Die Grinders and Rotary Tools are small high speed rotary power tool, the latter being the smaller lighter version sometimes used in diy. They are often referred to as Dremel (a popular brand), rotary tool or hobby tool. They take an array of tools with 1/8" shank (3.17mm), and typically upto 1.5" diameter.
Rotary tools use a 1/8" collet rather than a Jacobs chuck, so all tools need a 1/8" diameter shaft (3.17mm).
- Available in a few other sizes
- Enables use of other drill bit sizes
- The set on the right covers 1/16" to 1/8"
- Only 1/8" (3.17mm) bits fit
- Other size collets are available, enabling a few other drill bit sizes
- Around 30,000 rpm means they drill far faster than mains or cordless drills
- Thin drill bits are very weak, sideways force or movement should be carefully avoided
- Don't be tempted to try solid carbide bits in die grinders, in small sizes they are unsuitable and unsafe for handheld tools.
- Its possible, upto a point, to grind 1/8" bits down to get smaller hole sizes, or to wrap a smaller bit with wire to get it to a 3.17mm shank
- Larger holes can be drilled in plastic using a different method
- Various shapes, & a few compounds & grades.
- Aluminium oxide is used for most grinding stones, and isn't very good at grinding steel.
- Alox stones come in various light colours.
- Carbide stones are good for steel. These are dark grey, and several times the price of alox.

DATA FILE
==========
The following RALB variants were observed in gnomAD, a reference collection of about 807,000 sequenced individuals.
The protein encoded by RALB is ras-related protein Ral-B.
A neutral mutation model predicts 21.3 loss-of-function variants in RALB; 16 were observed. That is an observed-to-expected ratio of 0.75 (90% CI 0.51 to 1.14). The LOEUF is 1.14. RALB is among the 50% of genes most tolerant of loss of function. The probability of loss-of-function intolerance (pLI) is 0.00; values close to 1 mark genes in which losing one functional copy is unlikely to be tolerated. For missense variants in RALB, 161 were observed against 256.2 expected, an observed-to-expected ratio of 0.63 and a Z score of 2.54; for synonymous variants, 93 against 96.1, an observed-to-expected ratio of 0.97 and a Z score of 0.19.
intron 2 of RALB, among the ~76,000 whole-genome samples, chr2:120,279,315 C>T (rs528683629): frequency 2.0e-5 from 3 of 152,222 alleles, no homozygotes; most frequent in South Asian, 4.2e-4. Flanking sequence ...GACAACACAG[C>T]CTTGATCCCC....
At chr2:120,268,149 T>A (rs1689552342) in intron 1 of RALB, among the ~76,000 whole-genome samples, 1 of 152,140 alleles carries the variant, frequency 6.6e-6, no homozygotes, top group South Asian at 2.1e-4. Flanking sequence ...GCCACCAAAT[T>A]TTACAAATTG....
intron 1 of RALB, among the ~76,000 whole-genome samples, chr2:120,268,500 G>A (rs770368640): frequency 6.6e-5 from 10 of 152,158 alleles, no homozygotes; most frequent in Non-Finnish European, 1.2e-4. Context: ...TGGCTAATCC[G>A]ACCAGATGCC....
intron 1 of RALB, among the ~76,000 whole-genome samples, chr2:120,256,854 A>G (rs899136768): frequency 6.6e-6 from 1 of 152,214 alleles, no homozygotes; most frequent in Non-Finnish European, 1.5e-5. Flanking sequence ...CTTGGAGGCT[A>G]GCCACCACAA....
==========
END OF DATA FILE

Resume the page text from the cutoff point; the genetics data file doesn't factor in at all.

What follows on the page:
- Use depends on the material and shape of the bit
- Can be used for "frosting" / engraving slightly larger areas of glass than traditional engraving bits
Drilling with grind stone
Plastics can be drilled with a pointed cylindrical alox grind stone.
- Drilling occurs by both abrasion & melting
- Speed of cut is good once the stone warms up.
- No risk of cracking the plastic
- 1/4" holes drill easily & quickly
- Withdraw the tool without delay once it penetrates
- Makes a mess of the stone
Felt polishing pads
- Polishing metal, plastics,
- Use with polishing compound
- Used to create the circular swirl pattern finish sometimes used on metalwork
- These hold felt polishing pads
- The screw thread tip just screws into the felt pad
- Extremely weak and break eagerly. Expect to use a few even for a small job
- Take care to hold the grinder very steady, or disc will break impracticably quickly
- Reinforced cutting discs are tougher, but still not strong
- Slow cutting compared to an angle grinder
- The very narrow kerf of a fraction of a mm is occasionally useful
- Half worn discs can be used for access into very tight places
- Usually alox grit belts
- Loosen the end screw to release the belt
- High speed coarse cutters
- Fast shaping of soft metals, plastics, wood etc
- Don't try to use on harder materials such as steel or masonry
- Sanding flaps
- For sanding non-flat surfaces
- Normally alox abrasive
- 1/8" spiral saw bits can be used in die grinders
- Sideways cutting with a thin weak bit isn't the best combination
- Limited uses. Best with thin and soft materials eg plastics
- Sandpaper discs are used with a rubber backing pad
- Typically weak and fine grit, making progress slow
- Not really suitable for stock removal sanding
Cotton polishing wheel
- Used with abrasive paste, rouge etc
Diamond coated engraving bits
- For engraving glass
- Security marks hard surfaces
- Postcode and often house number are the usual info engraved
- Assorted shapes
Diamond cutoff disc
- Not fragile
Metal wire wheels
- For removing rust, corrosion, scale & paint
- very effective
- Full size angle grinder wire wheels are much quicker for most work
- Can cause rust staining if used on concrete
- Raises grain in wood
- Brass wire wheels remove rust, paint etc without damaging steel workpieces
Nylon brush wheel
- Removal of soft materials
- Removal of loose paint
- Plastic bristles mean it won't damage a much wider range of workpiece materials compared to wire wheels